I found the following MSDN article on this subject:
Security Considerations for Reflection
This article echo's Jeff's answer:
Reflection provides the ability to
obtain information about types and
members, and to access members.
Accessing nonpublic members could
create a security risk. Therefore,
code that accesses nonpublic members
requires ReflectionPermission with the
However, I don't believe this risk can be exploited between customer's hosting accounts. It appears this would only pose a personal risk. For example, using reflection I could explore my own assemblies in my hosting environment. Other customers, however, could not use reflection to explore my assemblies. They could only explore their assemblies.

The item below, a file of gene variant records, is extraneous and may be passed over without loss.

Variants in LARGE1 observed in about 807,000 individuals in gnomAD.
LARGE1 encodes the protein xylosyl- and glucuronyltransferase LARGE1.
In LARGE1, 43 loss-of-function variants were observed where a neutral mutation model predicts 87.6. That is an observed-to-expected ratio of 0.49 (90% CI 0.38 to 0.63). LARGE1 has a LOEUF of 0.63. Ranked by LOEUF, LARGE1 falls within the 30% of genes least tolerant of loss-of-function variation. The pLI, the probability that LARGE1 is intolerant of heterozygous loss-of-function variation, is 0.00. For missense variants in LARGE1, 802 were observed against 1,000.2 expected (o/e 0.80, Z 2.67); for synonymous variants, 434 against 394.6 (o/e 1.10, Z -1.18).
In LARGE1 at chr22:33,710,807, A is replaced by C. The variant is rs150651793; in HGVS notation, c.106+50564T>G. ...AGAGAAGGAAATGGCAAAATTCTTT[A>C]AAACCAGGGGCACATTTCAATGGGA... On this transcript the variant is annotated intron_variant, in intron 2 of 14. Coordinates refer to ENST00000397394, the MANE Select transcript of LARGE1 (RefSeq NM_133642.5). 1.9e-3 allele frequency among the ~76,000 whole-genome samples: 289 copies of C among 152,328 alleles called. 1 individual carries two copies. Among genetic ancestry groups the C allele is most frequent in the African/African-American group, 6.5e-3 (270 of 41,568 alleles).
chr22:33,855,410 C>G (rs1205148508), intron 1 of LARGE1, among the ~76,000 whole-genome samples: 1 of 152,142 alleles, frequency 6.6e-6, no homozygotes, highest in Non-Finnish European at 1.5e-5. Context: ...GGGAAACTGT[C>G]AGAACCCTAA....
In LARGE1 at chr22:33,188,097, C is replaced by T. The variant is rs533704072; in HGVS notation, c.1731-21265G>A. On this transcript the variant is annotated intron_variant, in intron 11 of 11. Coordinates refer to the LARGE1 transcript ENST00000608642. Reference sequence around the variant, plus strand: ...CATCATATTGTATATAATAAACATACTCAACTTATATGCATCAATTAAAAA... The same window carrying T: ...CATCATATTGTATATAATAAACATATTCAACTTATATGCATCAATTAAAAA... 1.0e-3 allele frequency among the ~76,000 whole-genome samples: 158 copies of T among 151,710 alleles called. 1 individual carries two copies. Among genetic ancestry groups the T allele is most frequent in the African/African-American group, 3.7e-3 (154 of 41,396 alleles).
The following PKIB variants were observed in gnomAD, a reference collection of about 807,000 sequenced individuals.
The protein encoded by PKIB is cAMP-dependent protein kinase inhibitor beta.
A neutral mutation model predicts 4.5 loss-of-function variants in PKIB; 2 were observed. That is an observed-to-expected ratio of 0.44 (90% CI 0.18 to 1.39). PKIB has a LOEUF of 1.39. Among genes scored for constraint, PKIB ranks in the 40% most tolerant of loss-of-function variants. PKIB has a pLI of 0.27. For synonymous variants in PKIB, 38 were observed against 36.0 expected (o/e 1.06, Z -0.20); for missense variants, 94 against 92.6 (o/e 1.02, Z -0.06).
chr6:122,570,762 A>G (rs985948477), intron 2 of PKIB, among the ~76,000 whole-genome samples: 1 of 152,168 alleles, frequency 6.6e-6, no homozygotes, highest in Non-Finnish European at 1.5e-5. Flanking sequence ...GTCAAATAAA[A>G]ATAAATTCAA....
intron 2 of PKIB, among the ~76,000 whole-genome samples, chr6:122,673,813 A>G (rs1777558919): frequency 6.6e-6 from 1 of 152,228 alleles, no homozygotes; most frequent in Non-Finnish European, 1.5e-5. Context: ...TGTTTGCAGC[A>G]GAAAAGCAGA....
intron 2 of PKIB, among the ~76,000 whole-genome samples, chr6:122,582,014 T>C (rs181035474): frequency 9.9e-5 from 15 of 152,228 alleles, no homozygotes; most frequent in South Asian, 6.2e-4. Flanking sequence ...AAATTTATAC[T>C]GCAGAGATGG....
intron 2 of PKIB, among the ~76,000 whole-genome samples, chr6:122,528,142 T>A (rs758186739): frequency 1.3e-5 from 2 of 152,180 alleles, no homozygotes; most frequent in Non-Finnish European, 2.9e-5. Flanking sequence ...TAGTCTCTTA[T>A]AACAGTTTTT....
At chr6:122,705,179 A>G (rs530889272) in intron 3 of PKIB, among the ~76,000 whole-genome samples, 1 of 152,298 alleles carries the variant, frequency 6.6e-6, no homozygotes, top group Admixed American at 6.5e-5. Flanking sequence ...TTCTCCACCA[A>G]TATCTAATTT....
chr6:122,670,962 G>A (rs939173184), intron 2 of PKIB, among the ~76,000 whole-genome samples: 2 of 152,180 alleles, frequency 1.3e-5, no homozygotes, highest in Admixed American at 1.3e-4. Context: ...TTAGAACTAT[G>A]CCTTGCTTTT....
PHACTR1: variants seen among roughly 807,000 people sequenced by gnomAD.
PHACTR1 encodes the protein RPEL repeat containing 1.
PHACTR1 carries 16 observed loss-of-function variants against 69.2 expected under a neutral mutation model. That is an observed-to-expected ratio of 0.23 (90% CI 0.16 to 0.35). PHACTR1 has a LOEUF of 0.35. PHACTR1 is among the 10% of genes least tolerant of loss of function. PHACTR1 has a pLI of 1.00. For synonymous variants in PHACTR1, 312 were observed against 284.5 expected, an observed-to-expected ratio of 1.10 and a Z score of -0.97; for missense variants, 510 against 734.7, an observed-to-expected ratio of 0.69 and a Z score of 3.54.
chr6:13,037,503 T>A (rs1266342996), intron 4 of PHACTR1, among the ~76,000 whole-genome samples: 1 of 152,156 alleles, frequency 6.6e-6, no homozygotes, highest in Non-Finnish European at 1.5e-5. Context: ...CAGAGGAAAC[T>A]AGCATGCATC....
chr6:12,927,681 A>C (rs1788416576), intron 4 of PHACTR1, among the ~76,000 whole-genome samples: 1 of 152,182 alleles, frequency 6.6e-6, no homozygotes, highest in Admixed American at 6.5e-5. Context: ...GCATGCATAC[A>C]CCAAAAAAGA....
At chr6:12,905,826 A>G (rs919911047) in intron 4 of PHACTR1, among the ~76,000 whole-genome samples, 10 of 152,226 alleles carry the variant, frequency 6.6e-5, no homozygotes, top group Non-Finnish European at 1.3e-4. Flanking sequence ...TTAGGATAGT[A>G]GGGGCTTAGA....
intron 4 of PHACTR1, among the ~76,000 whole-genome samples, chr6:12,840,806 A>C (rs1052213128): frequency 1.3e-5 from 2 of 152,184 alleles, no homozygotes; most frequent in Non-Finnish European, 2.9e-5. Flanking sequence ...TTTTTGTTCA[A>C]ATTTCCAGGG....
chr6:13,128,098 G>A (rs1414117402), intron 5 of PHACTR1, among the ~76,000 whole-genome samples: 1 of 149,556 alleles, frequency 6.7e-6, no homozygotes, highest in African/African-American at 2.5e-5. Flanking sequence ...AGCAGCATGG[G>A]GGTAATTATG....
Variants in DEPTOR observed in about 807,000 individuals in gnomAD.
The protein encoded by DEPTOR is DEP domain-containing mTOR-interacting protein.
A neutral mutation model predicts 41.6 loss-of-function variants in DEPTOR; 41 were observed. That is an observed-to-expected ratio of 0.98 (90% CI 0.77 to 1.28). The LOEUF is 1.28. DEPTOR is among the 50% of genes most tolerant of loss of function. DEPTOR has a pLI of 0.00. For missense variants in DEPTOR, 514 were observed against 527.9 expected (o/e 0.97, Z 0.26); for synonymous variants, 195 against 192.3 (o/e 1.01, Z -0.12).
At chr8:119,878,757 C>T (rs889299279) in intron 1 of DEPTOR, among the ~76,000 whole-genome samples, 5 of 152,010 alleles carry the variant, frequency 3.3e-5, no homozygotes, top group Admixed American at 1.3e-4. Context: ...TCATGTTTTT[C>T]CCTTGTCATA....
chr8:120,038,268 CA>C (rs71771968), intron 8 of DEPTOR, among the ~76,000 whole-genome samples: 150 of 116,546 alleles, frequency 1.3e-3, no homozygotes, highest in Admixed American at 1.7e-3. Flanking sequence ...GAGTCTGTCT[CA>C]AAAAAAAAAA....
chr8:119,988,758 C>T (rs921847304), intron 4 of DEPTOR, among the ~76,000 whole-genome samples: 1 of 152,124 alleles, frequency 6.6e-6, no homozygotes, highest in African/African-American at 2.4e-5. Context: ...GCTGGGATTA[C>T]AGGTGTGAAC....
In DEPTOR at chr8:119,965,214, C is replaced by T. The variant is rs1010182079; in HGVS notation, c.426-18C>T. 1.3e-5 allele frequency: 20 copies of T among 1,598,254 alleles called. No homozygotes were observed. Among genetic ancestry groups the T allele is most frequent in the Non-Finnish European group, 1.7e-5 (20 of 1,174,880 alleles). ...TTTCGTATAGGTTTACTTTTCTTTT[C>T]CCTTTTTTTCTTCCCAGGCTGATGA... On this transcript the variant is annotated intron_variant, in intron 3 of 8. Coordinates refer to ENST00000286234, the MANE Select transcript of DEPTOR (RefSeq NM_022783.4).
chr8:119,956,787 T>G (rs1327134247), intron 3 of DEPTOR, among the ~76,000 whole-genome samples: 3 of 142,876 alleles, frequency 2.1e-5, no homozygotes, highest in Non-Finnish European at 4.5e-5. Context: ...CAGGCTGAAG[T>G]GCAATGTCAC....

This might pose a problem for a single web application that involves multiple development teams. One development team could use reflection to explore another development team's assemblies.
However, this is a rare scenario for a shared hosting environment. Most shared hosting web sites involve a very small team who have full access to all the code. In other words, there are no secrets. As long as the assembly is safe from other shared hosting customers, then it's not a problem.
Enabling reflection shouldn't pose any risk for most shared hosting web applications:
<IPermission class="ReflectionPermission" version="1" Flags="RestrictedMemberAccess"/>
Please correct me if I'm wrong.